NorthwesTel and its parent Bell Canada trying to kill competition in North before it can get foothold
Plan to funnel money to NorthwesTel from Bell’s Astral Media broadcasting deal violates rules
YELLOWKNIFE, NT, July 30, 2012 – To ensure competition takes hold in Canada’s North for consumers to reap long-term benefits, the federal communications regulator must turn down NorthwesTel’s attempt to funnel $40-million from its parent company in a bid to thwart competition.
“This is nothing short of a shell game by NorthwesTel and its owner Bell Canada to move money around in a last gasp attempt to keep competition and innovation out of the Northwest Territories, Yukon and Nunavut,” said Samer Bishay, president of both Ice Wireless and Iristel, two Canadian companies partnering to knock down the last telecom monopoly walls in North America.
In Yellowknife today inspecting ICE Wireless facilities, Mr. Bishay said: “NorthwesTel’s monopoly is officially at an end. It’s just too bad NorthwesTel refuses to realize that and insists on acting in a predatory manner towards competitors instead of serving customers better. We are in the North because we see great opportunity. Telecommunications service here is the equivalent of telecommunications service in Africa – ten years ago. It is time to end the subsidies to NorthwesTel and let competition drive innovation and improved customer service so the North can be treated more like the rest of Canada.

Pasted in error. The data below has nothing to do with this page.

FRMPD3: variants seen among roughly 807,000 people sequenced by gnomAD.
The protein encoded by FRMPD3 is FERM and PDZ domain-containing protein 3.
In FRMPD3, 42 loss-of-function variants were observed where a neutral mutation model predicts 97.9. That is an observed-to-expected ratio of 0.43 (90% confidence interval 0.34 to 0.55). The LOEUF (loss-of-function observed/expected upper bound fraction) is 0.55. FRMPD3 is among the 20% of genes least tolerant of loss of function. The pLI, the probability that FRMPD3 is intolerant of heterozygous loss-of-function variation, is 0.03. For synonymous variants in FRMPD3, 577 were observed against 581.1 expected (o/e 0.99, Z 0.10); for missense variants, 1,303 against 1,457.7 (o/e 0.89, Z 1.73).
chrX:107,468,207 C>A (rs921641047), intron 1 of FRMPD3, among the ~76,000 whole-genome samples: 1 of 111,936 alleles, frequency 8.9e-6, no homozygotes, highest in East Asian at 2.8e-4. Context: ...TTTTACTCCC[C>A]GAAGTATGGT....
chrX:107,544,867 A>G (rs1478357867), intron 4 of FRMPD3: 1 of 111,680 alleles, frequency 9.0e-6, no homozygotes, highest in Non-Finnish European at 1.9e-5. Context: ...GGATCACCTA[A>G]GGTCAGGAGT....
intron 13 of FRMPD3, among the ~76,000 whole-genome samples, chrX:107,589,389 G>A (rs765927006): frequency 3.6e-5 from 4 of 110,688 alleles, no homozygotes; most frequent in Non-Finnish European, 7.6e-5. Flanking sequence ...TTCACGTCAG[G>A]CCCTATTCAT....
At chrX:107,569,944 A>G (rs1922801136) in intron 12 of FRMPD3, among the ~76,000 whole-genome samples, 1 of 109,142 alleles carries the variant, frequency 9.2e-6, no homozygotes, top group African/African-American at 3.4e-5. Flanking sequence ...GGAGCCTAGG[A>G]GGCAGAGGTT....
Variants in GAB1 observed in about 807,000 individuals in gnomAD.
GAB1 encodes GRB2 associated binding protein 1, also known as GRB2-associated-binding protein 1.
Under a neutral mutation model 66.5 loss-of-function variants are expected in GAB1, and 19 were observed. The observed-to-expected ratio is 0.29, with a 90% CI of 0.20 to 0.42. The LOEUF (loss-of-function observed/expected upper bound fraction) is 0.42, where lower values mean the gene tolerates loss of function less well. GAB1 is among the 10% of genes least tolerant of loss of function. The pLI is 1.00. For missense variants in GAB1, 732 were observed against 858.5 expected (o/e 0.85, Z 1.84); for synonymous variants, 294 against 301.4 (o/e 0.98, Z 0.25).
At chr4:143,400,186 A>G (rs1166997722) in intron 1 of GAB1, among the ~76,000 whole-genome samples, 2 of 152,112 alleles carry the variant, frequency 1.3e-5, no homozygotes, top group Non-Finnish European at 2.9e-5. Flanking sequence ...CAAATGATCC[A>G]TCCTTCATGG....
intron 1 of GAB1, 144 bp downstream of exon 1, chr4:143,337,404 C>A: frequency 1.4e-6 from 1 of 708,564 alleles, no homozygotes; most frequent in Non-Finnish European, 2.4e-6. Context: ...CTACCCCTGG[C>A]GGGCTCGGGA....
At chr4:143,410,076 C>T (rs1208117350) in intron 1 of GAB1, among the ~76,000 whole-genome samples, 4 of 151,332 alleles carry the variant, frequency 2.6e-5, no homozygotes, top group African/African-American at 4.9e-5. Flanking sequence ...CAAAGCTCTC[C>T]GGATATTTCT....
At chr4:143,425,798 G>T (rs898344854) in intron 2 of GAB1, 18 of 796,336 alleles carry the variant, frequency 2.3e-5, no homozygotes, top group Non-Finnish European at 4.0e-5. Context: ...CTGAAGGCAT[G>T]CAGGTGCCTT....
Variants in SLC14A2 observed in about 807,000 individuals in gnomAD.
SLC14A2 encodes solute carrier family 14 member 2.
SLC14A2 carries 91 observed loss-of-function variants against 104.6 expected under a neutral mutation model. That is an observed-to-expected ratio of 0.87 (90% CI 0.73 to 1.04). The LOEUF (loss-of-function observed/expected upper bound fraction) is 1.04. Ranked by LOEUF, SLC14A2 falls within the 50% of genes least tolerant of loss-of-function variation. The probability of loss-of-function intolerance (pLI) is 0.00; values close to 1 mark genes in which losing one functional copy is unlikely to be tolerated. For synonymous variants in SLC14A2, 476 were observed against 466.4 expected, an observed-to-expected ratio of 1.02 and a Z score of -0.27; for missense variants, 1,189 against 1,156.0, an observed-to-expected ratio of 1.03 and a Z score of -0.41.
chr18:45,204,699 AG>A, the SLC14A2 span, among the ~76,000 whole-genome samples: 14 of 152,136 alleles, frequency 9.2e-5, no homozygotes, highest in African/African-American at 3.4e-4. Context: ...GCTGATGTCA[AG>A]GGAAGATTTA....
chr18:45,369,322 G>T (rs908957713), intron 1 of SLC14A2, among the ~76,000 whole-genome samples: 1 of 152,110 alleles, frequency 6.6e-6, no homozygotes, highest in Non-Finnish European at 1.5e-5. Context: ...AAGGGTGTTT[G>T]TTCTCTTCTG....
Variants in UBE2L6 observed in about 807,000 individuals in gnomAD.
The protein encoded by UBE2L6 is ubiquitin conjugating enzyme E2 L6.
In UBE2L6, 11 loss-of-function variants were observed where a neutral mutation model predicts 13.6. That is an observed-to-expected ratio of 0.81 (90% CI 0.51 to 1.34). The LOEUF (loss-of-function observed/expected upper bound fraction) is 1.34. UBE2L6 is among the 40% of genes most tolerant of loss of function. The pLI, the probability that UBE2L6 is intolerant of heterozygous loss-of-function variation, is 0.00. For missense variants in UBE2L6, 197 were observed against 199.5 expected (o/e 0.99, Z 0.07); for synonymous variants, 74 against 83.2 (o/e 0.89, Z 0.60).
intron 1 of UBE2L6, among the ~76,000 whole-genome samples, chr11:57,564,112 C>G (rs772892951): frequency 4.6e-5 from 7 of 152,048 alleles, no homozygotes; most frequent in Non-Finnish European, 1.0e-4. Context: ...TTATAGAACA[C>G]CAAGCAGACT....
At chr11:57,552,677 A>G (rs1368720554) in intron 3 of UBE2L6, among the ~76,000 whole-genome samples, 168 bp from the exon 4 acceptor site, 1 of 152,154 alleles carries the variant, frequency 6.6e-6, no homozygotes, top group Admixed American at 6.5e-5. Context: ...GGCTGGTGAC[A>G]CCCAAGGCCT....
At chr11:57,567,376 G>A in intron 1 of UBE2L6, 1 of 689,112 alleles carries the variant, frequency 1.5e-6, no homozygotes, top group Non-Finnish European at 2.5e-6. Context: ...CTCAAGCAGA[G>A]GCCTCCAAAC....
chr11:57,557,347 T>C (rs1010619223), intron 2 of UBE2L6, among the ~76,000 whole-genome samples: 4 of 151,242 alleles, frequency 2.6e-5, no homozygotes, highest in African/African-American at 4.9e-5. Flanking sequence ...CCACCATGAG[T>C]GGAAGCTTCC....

” Bell Canada has purchased Astral Media and is looking for approval from the Canadian Radiotelevision and Telecommunications Commission to close the deal. To gain approval on broadcasting deals, the CRTC requires new owners to spend new money on “public benefits” to the broadcasting system. This money is to go to third parties, like independent producers, not corporate subsidiaries like NorthwesTel.
But earlier this month, NorthwesTel announced a five-year wireless network upgrade with a significant portion tied to the CRTC allowing Bell to funnel $40 million of the “public benefits” from the Astral Media deal to NorthwesTel. Without this $40 million, NorthwesTel threatens to pull back network modernization in smaller Northern communities.
“This is an attempt to stifle competition by trying to move public benefits money into Bell’s subsidiary NorthwesTel,” said Cameron Zubko, ICE’s Vice President Corporate Development. “Once again NorthwesTel is proposing to use public money to keep out competition, just like they have always done. Apparently $20 million a year from the CRTC’s National Contribution Fund is not enough.
“This latest ploy flies in the face the spirit and intent of the public benefits policy which is to benefit the broadcasting system generally and the communities served. Last I checked, neither Astral nor Bell had radio or TV systems in Canada’s North,” Mr. Zubko added.
Mr. Bishay said he expects the CRTC to see through the Bell-NorthwesTel public benefits scheme, but if not he urges the commission to make sure competitors have full and fair access to NorthwesTel’s upgraded network in a timely manner.